It's more than just exams though.  If you are reading at 100cpm and you can increase that to 200cpm with a little effort, then you can read twice as much in the same time, or the same amount in half the time.  This will have a measurable impact on your Chinese.

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DavyJonesLocker
21 minutes ago, imron said:

Yes, but I think you mentioned they were getting you to do this with content above your level?  This is only worth doing on texts where you comfortably know *everything*.

 

 

Yes that's true good point. 

 

 

21 minutes ago, imron said:

Sure, but even if you are reading silently, you may still be doing it at a speed that was set as a beginner.  Maybe not, but it's definitely worth timing and measuring.

 

Although I'm not particularly interested in HSK I did find the time pressure to somewhat productive and as a measure of reading spread.

 

 

22 minutes ago, imron said:

If you are reading at 100cpm and you can increase that to 200cpm with a little effort, then you can read twice as much in the same time, or the same amount in half the time.  This will have a measurable impact on your Chinese.

 

 

I agree in principle , however a prerequisite is that you still understand to the same level what your reading . Herein lies the  problem. I find unnaturally rushing through a text the comprehension rate drops quite quickly and become counter productive towards learning 

 

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imron
50 minutes ago, DavyJonesLocker said:

and become counter productive towards learning 

Correct.  This is why I don't recommend trying to increase your speeds on any text that still requires learning, and only do it on texts that are fully learnt.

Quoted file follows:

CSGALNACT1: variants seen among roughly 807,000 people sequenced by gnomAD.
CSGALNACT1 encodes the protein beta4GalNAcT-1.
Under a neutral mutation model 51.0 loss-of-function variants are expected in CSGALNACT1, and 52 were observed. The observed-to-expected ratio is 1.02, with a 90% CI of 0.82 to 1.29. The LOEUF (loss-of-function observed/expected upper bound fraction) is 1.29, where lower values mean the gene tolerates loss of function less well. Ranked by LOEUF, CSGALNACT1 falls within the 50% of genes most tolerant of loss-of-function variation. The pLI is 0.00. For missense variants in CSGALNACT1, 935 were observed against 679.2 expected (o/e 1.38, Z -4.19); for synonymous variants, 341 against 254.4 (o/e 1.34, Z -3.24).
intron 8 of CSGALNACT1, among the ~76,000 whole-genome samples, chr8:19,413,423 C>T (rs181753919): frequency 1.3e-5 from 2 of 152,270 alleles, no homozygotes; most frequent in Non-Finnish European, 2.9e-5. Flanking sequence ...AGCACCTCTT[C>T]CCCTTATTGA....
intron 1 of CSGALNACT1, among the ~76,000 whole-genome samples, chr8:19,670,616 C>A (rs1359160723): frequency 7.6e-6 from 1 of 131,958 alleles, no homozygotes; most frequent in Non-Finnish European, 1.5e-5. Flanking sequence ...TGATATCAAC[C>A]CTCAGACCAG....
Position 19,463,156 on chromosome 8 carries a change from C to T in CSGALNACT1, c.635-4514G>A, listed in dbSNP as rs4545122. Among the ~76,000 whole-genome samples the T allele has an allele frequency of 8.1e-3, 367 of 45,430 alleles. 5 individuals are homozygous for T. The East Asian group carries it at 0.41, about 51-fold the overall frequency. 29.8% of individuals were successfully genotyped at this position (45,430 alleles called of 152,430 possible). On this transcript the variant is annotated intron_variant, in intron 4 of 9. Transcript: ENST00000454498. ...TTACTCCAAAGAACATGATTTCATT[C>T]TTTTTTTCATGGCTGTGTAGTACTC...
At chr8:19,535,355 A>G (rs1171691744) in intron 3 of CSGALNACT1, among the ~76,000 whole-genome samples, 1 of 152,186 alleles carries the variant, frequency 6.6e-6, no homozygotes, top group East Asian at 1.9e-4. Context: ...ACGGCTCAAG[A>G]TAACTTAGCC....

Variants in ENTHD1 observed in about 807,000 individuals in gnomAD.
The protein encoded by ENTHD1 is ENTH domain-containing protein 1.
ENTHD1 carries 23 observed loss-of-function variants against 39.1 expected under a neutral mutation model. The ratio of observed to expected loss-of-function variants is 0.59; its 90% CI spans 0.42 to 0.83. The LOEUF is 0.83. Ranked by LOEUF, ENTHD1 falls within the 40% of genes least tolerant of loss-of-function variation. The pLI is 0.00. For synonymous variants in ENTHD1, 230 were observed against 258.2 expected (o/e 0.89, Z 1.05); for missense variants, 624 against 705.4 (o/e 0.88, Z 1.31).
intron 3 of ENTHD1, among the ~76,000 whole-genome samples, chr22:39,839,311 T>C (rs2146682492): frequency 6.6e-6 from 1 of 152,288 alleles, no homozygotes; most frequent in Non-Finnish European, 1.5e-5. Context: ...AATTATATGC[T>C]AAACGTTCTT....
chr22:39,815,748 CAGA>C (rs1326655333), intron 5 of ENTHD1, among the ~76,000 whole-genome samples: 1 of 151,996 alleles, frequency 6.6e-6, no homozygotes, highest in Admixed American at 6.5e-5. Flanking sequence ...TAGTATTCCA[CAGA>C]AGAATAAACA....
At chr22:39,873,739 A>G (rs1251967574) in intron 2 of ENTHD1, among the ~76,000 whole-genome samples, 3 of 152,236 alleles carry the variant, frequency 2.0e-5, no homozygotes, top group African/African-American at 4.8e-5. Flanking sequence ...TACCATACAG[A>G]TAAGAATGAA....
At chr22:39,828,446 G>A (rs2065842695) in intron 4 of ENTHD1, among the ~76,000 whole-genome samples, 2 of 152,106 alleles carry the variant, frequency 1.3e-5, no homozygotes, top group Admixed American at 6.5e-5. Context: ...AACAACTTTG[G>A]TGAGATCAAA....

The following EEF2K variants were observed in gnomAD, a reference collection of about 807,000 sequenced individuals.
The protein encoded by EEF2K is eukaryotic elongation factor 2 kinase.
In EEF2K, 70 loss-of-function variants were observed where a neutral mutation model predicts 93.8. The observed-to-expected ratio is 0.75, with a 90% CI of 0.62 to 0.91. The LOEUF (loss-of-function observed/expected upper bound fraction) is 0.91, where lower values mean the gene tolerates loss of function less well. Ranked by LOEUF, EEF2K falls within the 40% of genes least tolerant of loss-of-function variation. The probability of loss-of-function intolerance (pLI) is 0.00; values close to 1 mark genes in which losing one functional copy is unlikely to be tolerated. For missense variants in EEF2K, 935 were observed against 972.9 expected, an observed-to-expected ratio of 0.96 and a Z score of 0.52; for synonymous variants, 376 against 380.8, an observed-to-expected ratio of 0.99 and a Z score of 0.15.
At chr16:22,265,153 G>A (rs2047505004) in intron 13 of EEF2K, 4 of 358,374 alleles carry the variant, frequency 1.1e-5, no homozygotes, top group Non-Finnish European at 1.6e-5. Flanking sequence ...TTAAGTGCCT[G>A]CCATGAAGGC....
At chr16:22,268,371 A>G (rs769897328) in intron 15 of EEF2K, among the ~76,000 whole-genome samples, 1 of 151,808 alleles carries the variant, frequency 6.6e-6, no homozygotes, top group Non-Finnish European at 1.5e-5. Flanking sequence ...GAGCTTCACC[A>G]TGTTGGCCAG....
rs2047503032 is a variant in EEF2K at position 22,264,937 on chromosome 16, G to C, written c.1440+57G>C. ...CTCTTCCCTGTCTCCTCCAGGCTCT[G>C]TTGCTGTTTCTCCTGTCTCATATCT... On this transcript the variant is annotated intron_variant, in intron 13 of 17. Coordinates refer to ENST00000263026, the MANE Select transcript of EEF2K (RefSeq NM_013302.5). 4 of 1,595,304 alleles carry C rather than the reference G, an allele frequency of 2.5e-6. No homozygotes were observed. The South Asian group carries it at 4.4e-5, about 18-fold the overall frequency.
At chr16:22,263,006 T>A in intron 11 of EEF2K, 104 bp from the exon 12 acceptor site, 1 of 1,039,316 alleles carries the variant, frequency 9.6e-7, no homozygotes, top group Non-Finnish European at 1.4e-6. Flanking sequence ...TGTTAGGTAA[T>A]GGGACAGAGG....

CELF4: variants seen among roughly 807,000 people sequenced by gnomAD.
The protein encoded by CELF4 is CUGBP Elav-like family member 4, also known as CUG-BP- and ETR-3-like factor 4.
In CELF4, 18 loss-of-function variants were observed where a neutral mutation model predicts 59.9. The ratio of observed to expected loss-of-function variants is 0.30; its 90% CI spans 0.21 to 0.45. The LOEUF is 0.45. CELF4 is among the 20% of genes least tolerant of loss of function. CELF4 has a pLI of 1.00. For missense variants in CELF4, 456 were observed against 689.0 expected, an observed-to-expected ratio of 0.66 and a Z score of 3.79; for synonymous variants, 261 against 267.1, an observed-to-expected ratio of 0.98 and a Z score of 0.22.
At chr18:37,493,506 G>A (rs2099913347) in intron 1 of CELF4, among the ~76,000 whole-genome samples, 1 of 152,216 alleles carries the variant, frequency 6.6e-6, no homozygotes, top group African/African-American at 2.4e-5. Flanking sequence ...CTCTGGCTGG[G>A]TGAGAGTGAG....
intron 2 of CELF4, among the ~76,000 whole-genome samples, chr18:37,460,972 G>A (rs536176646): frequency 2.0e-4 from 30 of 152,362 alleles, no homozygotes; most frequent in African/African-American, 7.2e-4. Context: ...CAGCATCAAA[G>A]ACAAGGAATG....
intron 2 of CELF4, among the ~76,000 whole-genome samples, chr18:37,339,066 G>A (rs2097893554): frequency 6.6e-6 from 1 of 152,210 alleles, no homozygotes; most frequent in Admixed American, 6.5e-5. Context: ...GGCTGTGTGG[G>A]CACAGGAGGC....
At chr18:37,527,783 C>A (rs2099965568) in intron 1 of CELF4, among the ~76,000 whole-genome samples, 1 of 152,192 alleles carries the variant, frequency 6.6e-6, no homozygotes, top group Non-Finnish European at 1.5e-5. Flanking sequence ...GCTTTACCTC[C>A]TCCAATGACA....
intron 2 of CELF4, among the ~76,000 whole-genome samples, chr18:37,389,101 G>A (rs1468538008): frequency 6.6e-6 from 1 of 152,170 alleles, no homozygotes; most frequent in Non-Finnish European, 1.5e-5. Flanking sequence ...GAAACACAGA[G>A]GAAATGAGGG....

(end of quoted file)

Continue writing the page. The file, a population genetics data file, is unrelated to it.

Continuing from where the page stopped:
The speed increase you get from doing that will then carry over in to normal reading and you'll find that even when you slow down, it will still be faster than what you could previously read at.

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DavyJonesLocker
23 minutes ago, imron said:

Correct.  This is why I don't recommend trying to increase your speeds on any text that still requires learning, and only do it on texts that are fully learnt.

 

The speed increase you get from doing that will then carry over in to normal reading and you'll find that even when you slow down, it will still be faster than what you could previously read at.

 

 

Good good, glad we are on the same page!

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DeanaZimmerman

Aloud is better for me. You will hear your pronounciation and find out if it is OK

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WeiLe

I prefer reading aloud. Reading loud can let you practice both speaking and listening skills at the same time. That's because when you are reading loud, you sound you are pronouncing also goes back to your ear, so you are also practising listening skills.